Amendment 2 has changed the medical marijuana laws in Florida after Governor Scott signed the bill on Friday. It was passed by state lawmakers earlier this month.
The bill implements Amendment 2, which expands medical marijuana use in the state. The law had to be in place by July 3 and enacted by October, reported Bay News 9.
Amendment 2 expands the types of patients who can qualify for low-THC cannabis or full strength medical marijuana, and also allows for 10 new medical marijuana treatment centers in the state by Oct. 3, on top of the seven currently operating.
Strangely, the bill actually bans smoking medical marijuana. Supporter and Orlando attorney John Morgan has indicated he may sue the state because of the ban. If not, there will likely be another group that will take up the cause and sue for their right to smoke non tobacco plants.
Thank you @FLGovScott for doing your part!
— John Morgan (@JohnMorganESQ) June 23, 2017
Until the potential court case is brought forth and settled, medical marijuana users will be able to vape, use infusions and edibles to get the medical marijuana, but not burn it.
Bay 9 News listed some of the details of the bill:
Anyone with a debilitating medical condition can receive the drug:
- Positive status for HIV
- Post-traumatic stress disorder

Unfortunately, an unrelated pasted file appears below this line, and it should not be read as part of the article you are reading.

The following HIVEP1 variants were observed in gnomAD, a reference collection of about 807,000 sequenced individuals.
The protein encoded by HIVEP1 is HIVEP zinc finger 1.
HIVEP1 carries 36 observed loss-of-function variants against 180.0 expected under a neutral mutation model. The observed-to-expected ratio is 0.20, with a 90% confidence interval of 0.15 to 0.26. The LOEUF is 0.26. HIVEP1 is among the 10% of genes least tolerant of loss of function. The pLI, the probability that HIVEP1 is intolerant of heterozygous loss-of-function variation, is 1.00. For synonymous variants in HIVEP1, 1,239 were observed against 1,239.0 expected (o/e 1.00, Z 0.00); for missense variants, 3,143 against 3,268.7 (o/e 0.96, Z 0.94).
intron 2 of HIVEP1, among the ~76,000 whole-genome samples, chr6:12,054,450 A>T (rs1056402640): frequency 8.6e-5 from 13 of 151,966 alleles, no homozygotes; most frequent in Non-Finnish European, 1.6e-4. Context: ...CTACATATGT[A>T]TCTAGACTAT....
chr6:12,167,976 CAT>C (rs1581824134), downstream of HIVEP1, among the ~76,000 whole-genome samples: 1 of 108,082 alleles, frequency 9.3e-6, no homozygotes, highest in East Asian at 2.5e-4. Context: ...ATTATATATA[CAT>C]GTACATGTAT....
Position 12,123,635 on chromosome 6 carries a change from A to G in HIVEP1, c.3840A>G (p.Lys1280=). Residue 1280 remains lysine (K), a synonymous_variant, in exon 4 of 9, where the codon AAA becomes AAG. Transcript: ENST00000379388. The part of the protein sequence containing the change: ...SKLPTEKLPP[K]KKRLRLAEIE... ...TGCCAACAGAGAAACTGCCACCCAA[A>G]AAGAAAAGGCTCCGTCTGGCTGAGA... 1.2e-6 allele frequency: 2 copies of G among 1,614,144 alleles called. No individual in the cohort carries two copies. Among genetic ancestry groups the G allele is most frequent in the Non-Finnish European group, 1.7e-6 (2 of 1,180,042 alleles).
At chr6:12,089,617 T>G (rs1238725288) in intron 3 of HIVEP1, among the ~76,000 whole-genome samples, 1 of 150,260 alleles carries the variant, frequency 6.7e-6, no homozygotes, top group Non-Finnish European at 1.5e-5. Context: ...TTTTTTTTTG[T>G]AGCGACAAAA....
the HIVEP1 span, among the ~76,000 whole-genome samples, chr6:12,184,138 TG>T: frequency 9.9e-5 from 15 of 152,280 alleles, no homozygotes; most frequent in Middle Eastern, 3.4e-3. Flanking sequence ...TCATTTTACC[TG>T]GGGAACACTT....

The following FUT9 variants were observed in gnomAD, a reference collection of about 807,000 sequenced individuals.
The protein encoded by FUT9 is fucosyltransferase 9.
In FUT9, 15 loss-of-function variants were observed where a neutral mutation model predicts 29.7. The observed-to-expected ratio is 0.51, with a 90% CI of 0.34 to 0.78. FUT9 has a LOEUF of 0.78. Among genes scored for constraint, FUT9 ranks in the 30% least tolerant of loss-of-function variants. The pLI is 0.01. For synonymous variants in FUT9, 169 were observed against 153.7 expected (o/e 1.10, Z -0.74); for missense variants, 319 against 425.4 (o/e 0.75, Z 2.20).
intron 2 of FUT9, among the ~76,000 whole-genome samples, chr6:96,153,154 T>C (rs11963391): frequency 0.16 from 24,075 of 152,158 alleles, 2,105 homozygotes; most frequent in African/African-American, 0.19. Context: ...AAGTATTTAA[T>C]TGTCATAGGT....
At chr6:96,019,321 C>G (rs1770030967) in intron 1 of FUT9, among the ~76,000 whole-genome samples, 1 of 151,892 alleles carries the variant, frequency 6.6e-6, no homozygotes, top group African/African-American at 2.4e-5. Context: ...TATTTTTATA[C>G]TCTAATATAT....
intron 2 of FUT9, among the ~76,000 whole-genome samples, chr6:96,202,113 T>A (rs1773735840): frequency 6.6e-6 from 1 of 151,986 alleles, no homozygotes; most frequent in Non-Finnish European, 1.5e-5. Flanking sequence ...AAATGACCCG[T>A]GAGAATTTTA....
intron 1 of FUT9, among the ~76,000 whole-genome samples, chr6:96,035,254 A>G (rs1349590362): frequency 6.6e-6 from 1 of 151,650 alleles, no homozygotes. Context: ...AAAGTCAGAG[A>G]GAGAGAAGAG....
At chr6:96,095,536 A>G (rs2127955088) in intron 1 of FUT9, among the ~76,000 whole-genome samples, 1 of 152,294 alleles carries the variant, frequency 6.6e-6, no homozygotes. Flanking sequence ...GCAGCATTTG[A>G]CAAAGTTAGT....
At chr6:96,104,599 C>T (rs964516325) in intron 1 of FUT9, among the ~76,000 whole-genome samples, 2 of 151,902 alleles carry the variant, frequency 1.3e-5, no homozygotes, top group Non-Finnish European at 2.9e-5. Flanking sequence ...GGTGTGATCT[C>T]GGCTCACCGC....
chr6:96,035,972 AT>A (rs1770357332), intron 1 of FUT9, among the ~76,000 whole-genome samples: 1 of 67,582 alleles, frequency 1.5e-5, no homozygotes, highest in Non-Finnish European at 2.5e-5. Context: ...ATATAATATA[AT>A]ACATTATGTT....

- Amyotrophic lateral sclerosis (ALS or Lou Gehrig’s Disease)
- Crohn’s disease
- Multiple Sclerosis
- Medical conditions in the same class or comparable to the above conditions
- A terminal condition diagnosed by a physician
- Chronic nonmalignant pain
HOW DOCTORS DECIDE IF YOU CAN HAVE IT
A doctor must be properly trained in order to issue a certificate to a patient on medical marijuana. That includes the completion of a 2-hour course and a test.
The doctor must conduct a physical examination with a full assessment of the patient’s medical history and diagnose them with one of the medical conditions above. They also have to make sure the patient is not registered for medical marijuana use with any other doctor.
The doctor then issues a certification (not a prescription) and adds the patient to the state’s medical marijuana use registry.
The bill gets rid of a previous requirement that the patient must see the same doctor over a 90-day period before the doctor can sign off on medical marijuana.
Patients will get a registry ID card from the state. The state is expected to begin issuing the patient ID cards by Oct. 3.
You can find a qualified doctor on the Florida Dept. of Health website.
For now, it looks like more Florida residents will be able to legally use the herb, but not the good old fashioned smoking way. Florida seems to prefer a more delicious edible way.
(Article By Jeremiah Jones)